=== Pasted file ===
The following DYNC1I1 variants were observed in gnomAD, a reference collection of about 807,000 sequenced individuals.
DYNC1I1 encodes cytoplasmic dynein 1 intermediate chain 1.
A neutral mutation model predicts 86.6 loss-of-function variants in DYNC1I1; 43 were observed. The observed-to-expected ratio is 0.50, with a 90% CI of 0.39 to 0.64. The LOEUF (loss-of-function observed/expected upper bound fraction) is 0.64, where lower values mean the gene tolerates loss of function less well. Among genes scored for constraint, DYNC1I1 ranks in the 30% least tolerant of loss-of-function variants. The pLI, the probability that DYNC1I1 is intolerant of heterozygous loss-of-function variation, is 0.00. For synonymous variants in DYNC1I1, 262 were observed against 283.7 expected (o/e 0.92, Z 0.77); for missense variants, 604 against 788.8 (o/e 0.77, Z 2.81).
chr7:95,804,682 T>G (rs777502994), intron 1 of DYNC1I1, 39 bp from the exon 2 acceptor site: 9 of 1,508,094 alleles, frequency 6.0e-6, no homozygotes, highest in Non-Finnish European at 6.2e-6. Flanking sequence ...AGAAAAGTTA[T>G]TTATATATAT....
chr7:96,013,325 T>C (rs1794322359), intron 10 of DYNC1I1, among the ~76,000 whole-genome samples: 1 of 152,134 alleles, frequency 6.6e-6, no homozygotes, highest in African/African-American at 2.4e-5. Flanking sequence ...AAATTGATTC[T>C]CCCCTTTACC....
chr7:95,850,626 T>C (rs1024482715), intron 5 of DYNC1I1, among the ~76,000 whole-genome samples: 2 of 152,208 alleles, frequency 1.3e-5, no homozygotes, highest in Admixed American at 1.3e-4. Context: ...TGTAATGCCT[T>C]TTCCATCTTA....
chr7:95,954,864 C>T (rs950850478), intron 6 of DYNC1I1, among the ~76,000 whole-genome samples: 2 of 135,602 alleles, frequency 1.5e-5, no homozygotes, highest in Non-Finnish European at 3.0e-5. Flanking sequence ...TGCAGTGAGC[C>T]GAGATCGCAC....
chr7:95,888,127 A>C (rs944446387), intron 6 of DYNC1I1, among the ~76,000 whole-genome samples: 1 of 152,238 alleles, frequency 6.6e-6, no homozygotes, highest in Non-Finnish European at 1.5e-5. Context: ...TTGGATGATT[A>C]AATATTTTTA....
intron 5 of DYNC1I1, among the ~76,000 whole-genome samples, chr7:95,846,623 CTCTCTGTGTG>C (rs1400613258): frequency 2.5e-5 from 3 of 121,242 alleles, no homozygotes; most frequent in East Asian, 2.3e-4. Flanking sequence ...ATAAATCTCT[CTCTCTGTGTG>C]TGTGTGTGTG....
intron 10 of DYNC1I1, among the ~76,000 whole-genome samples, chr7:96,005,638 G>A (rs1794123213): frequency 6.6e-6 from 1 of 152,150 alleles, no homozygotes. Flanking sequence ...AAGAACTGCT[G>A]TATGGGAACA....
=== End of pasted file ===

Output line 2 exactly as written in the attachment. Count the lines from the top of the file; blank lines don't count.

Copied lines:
DYNC1I1 encodes cytoplasmic dynein 1 intermediate chain 1.